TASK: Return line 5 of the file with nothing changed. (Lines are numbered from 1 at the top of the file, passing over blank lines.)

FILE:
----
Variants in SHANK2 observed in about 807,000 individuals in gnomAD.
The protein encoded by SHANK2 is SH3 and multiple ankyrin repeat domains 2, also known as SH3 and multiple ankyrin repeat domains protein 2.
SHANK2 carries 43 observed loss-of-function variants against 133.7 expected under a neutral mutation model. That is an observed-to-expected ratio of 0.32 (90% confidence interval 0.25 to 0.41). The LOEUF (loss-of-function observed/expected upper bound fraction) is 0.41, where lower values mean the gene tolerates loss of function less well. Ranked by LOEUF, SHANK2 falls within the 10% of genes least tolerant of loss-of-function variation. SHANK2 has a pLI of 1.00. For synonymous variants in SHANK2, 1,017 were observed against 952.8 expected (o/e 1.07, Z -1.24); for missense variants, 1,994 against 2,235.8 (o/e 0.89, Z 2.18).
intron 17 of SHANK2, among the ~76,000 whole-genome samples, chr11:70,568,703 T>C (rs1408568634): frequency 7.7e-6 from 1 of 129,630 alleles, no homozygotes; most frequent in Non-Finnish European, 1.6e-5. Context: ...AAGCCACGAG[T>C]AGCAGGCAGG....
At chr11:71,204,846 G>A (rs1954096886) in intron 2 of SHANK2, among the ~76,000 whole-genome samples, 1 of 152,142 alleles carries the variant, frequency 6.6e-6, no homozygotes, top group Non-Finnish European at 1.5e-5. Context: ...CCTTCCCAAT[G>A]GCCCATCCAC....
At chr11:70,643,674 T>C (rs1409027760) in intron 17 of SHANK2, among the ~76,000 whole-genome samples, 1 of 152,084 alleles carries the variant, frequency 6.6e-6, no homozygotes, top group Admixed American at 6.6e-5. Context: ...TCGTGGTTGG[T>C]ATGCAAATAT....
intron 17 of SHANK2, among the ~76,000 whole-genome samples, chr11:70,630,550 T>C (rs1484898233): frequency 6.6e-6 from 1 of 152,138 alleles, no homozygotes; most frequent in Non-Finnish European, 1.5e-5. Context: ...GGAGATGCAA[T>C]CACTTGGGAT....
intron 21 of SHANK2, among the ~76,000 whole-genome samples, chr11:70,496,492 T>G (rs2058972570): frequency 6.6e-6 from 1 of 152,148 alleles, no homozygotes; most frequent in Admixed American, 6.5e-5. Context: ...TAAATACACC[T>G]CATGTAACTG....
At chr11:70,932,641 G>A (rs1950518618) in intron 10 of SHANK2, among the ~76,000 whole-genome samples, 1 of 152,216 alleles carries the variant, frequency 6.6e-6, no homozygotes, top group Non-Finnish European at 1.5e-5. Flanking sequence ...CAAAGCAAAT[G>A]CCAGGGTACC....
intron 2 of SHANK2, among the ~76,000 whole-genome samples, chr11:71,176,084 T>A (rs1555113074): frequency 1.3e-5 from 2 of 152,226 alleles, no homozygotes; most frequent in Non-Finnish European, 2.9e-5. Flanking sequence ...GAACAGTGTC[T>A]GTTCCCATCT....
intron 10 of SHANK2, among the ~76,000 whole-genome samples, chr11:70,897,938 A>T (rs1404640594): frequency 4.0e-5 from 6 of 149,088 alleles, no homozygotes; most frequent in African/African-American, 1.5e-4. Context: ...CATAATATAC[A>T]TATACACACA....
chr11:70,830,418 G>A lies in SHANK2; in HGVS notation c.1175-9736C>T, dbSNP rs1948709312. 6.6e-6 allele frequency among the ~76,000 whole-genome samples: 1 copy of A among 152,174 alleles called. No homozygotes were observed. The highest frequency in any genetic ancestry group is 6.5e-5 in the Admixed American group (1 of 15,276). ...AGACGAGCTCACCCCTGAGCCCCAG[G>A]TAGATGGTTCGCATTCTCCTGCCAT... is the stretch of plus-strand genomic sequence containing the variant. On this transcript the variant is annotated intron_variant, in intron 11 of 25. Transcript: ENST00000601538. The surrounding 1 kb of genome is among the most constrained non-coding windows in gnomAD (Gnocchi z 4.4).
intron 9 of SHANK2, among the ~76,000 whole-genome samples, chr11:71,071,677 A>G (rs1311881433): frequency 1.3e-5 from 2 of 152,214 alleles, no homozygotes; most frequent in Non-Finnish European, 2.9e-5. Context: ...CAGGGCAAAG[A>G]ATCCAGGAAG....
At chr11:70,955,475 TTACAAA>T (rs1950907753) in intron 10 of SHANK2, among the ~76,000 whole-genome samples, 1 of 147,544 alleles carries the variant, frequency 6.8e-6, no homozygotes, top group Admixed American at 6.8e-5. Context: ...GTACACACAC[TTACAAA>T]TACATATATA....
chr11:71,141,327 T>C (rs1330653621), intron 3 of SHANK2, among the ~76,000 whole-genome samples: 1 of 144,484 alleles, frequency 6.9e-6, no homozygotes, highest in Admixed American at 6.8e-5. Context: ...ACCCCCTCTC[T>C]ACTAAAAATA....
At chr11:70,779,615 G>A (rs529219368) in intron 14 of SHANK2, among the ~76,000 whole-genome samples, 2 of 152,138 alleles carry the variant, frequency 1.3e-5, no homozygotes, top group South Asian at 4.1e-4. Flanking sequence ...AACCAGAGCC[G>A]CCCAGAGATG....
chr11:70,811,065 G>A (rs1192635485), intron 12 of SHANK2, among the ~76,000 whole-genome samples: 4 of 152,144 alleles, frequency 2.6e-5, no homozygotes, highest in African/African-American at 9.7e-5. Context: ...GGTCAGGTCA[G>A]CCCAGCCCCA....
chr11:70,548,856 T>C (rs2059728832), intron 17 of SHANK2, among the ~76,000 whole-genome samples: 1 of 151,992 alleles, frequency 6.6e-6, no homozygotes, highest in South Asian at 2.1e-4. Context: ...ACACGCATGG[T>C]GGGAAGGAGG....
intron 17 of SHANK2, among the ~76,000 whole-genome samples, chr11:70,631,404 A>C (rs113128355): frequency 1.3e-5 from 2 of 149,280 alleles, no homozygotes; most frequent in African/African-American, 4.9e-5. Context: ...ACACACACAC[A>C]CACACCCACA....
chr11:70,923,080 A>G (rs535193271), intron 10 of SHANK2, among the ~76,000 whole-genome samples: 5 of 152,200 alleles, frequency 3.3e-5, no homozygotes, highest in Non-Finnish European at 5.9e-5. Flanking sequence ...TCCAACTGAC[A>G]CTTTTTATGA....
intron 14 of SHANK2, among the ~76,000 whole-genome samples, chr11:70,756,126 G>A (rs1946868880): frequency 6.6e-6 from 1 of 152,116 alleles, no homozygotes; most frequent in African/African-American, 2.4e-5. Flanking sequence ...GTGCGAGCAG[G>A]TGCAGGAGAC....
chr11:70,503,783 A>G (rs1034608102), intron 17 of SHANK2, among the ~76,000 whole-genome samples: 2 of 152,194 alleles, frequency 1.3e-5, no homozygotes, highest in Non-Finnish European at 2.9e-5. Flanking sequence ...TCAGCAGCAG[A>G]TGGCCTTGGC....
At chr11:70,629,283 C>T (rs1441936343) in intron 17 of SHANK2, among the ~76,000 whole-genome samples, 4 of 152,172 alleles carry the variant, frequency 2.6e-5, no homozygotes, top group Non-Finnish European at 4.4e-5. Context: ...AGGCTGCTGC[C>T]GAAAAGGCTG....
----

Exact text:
At chr11:71,204,846 G>A (rs1954096886) in intron 2 of SHANK2, among the ~76,000 whole-genome samples, 1 of 152,142 alleles carries the variant, frequency 6.6e-6, no homozygotes, top group Non-Finnish European at 1.5e-5. Context: ...CCTTCCCAAT[G>A]GCCCATCCAC....